Angelina Aspuac will give a talk titled “Art as Territory: The Story of Maya Weavers Advocating for Collective Intellectual Property Rights in Guatemala.” This talk, sponsored by the Department of Political Science at Amherst College along with funding from the Lamont Funds, is free and open to the public.
Ploughshares at Emerson College called Good Trouble, Joseph O’Neill’s new book of short stories, “[f]unny and fierce ... [a]n essential book, full of unexpected bursts of meaning and beauty.” O’Neill also wrote the novels The Breezes, This Is the Life, The Dog and Netherland, which won the PEN/Faulkner Award for Fiction and the Kerry Group Irish Fiction Award. He has also written a family history, Blood-Dark Track. He lives in New York City and teaches at Bard College.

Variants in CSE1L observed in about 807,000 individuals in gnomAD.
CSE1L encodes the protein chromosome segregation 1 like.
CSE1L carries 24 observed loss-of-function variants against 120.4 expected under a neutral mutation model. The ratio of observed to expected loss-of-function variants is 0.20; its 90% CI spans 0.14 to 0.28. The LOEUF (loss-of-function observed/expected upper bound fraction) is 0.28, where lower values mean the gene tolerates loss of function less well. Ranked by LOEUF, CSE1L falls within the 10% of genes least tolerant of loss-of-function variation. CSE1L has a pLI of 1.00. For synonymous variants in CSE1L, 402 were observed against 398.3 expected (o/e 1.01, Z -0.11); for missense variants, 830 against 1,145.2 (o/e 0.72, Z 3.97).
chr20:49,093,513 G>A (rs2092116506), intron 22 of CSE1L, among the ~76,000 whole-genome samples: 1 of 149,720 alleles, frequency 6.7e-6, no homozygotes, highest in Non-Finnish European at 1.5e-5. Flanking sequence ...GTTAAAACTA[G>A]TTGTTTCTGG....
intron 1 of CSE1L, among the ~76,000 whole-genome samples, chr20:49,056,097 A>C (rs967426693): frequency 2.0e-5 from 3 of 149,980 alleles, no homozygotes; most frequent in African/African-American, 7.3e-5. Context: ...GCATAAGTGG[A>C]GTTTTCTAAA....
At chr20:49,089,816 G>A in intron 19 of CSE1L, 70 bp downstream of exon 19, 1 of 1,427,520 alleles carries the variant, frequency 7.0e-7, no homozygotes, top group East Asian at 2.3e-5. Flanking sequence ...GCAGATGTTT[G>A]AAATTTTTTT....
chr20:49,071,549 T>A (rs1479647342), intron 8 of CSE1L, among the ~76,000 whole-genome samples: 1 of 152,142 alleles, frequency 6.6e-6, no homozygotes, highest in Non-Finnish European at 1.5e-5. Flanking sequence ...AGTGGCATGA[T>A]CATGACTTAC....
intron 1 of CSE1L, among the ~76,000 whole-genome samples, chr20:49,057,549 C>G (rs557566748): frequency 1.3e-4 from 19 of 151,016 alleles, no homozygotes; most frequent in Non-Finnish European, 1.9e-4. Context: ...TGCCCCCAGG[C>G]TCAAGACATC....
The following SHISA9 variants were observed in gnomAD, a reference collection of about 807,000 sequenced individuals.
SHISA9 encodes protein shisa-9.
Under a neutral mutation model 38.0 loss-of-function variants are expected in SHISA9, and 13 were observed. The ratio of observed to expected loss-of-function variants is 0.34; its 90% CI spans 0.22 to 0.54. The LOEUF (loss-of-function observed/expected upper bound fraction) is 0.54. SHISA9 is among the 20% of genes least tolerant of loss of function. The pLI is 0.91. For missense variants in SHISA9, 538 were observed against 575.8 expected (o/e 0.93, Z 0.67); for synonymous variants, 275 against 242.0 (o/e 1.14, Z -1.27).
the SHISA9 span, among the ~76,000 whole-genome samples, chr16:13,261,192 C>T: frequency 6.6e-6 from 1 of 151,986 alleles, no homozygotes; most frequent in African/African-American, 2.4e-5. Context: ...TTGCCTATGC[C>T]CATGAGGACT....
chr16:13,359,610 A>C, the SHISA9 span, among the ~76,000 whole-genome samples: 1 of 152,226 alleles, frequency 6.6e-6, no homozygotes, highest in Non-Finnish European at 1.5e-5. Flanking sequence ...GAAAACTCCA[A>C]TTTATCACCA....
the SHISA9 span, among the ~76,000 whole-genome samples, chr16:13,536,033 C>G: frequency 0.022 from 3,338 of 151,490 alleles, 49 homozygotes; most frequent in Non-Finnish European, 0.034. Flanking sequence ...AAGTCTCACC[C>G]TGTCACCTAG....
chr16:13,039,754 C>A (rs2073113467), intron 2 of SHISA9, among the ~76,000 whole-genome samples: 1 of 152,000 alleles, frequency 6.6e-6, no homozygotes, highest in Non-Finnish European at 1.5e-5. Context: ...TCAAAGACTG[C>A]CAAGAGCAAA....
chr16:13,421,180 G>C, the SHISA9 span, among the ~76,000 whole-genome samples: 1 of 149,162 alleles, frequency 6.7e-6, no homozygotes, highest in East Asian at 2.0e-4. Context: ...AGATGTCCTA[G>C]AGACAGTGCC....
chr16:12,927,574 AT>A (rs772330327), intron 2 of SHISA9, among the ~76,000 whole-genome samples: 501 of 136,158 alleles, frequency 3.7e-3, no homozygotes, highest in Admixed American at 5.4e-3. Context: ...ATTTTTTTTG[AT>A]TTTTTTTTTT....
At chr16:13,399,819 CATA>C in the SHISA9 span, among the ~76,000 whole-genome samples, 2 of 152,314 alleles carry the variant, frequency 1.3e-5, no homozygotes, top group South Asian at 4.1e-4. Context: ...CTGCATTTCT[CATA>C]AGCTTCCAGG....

Childcare and refreshments will be provided at the reading.
The Yale system of medical education remains unique among medical schools for a number of reasons. In this information session, Amherst alum Dr. Michael J. Sernyak Jr. ’83, who is a professor of psychiatry at Yale, as well as deputy chair for Clinical Affairs and Program Development within its Department of Psychiatry, will discuss how key features of Yale’s medical education plays a role in the educational mission and how they translate to the admissions process at the Yale School of Medicine. The session will also allow time for questions and answers.
Amherst College plays host to TEDx on the theme “changing worlds.” TEDx brings the spirit of TED’s mission of ideas worth spreading to local communities around the globe and provides the opportunity to be a part of the narrative. Our lineup includes two Amherst College students and two Amherst College professors.